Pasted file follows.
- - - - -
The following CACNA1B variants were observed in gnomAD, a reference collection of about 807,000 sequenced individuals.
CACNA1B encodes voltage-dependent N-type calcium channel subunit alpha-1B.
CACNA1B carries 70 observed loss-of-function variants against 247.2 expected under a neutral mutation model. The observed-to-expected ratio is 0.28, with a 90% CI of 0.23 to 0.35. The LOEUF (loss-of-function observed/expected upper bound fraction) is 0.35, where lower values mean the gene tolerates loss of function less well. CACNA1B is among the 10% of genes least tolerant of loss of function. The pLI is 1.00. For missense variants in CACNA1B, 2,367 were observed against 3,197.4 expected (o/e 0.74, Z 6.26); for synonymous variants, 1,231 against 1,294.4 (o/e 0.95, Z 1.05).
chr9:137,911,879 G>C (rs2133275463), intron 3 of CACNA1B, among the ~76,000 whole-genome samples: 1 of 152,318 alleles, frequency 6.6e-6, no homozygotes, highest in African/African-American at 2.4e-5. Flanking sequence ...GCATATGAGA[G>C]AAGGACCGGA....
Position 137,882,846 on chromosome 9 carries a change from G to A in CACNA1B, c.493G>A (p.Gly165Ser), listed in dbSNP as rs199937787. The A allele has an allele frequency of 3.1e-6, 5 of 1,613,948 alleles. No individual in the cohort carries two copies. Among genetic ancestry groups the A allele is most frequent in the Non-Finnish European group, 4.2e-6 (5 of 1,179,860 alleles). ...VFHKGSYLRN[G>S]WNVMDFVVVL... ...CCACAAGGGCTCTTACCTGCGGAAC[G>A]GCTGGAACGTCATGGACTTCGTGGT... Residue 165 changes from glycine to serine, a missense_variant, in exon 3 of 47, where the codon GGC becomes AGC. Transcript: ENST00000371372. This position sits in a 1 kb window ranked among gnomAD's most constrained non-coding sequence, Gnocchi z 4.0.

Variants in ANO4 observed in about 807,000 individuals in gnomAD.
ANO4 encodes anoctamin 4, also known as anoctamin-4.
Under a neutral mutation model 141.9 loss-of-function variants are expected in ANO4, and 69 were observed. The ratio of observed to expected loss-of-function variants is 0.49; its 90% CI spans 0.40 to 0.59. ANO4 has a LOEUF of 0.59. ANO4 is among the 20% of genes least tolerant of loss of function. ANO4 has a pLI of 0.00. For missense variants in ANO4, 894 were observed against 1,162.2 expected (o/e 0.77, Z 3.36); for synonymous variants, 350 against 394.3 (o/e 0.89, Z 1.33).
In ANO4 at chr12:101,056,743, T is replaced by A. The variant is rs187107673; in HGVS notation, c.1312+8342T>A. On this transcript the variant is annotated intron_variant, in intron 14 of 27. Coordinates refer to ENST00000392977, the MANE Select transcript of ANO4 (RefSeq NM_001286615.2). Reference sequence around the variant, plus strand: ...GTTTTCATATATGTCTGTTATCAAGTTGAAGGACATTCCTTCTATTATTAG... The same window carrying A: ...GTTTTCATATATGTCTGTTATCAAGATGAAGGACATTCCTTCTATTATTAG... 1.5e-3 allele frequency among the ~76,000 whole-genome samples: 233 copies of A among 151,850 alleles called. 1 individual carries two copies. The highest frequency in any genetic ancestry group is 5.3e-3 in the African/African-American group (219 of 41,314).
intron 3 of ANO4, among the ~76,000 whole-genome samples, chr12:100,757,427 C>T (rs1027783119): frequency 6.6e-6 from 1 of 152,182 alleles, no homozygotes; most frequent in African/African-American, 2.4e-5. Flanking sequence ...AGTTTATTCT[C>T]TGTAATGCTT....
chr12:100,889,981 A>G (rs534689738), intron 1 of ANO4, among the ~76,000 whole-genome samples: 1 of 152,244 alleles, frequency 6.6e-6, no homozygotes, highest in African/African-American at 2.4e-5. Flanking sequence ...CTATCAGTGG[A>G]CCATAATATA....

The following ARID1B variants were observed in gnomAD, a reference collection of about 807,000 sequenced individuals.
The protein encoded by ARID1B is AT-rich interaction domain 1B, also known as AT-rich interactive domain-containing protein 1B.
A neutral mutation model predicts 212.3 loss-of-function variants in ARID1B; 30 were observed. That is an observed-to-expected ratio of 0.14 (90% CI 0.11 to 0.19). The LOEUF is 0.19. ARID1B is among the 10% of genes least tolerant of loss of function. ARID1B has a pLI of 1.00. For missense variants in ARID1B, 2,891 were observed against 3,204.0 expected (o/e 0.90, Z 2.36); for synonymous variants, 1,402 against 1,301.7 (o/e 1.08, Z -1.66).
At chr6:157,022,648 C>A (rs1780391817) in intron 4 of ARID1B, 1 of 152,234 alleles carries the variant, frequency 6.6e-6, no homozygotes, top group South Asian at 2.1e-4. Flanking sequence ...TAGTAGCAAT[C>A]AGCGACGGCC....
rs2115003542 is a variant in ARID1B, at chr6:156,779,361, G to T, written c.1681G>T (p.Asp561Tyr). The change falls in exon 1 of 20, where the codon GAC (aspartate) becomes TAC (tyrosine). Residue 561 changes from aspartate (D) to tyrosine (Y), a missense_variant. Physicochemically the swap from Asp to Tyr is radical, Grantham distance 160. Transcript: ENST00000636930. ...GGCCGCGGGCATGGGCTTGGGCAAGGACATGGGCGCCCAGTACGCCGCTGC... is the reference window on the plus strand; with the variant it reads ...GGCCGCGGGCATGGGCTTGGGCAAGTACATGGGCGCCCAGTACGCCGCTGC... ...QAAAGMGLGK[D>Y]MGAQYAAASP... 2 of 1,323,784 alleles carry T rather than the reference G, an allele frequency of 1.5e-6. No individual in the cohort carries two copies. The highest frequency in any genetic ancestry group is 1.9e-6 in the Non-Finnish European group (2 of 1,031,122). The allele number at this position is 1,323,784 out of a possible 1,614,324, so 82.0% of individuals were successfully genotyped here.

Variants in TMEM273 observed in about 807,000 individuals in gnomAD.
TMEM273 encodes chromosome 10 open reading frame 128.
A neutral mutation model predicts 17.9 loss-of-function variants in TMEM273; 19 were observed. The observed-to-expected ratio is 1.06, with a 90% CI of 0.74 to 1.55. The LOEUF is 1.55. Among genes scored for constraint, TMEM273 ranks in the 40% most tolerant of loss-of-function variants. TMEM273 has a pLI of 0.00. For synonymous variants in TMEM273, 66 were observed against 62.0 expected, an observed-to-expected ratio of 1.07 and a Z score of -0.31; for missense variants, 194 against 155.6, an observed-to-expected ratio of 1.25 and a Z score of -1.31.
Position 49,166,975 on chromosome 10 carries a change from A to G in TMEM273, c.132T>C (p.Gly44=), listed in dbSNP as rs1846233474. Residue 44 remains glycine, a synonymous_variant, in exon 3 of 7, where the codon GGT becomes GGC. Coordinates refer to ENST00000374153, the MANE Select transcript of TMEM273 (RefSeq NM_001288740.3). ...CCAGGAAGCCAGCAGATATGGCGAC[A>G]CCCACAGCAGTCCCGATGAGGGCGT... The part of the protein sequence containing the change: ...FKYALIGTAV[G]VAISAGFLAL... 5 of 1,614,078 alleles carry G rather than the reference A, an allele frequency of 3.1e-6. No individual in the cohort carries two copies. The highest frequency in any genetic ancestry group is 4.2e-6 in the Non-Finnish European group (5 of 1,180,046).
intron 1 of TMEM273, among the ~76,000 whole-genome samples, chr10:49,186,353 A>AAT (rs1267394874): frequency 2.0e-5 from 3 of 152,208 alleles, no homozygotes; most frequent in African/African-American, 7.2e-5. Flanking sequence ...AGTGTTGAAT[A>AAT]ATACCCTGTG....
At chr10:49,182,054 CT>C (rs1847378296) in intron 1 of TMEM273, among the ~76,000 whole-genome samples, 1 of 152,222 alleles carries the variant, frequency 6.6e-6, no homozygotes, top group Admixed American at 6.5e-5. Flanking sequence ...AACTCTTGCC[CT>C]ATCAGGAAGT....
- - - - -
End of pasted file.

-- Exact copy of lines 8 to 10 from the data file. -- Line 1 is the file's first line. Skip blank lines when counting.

Under a neutral mutation model 141.9 loss-of-function variants are expected in ANO4, and 69 were observed. The ratio of observed to expected loss-of-function variants is 0.49; its 90% CI spans 0.40 to 0.59. ANO4 has a LOEUF of 0.59. ANO4 is among the 20% of genes least tolerant of loss of function. ANO4 has a pLI of 0.00. For missense variants in ANO4, 894 were observed against 1,162.2 expected (o/e 0.77, Z 3.36); for synonymous variants, 350 against 394.3 (o/e 0.89, Z 1.33).
In ANO4 at chr12:101,056,743, T is replaced by A. The variant is rs187107673; in HGVS notation, c.1312+8342T>A. On this transcript the variant is annotated intron_variant, in intron 14 of 27. Coordinates refer to ENST00000392977, the MANE Select transcript of ANO4 (RefSeq NM_001286615.2). Reference sequence around the variant, plus strand: ...GTTTTCATATATGTCTGTTATCAAGTTGAAGGACATTCCTTCTATTATTAG... The same window carrying A: ...GTTTTCATATATGTCTGTTATCAAGATGAAGGACATTCCTTCTATTATTAG... 1.5e-3 allele frequency among the ~76,000 whole-genome samples: 233 copies of A among 151,850 alleles called. 1 individual carries two copies. The highest frequency in any genetic ancestry group is 5.3e-3 in the African/African-American group (219 of 41,314).
intron 3 of ANO4, among the ~76,000 whole-genome samples, chr12:100,757,427 C>T (rs1027783119): frequency 6.6e-6 from 1 of 152,182 alleles, no homozygotes; most frequent in African/African-American, 2.4e-5. Flanking sequence ...AGTTTATTCT[C>T]TGTAATGCTT....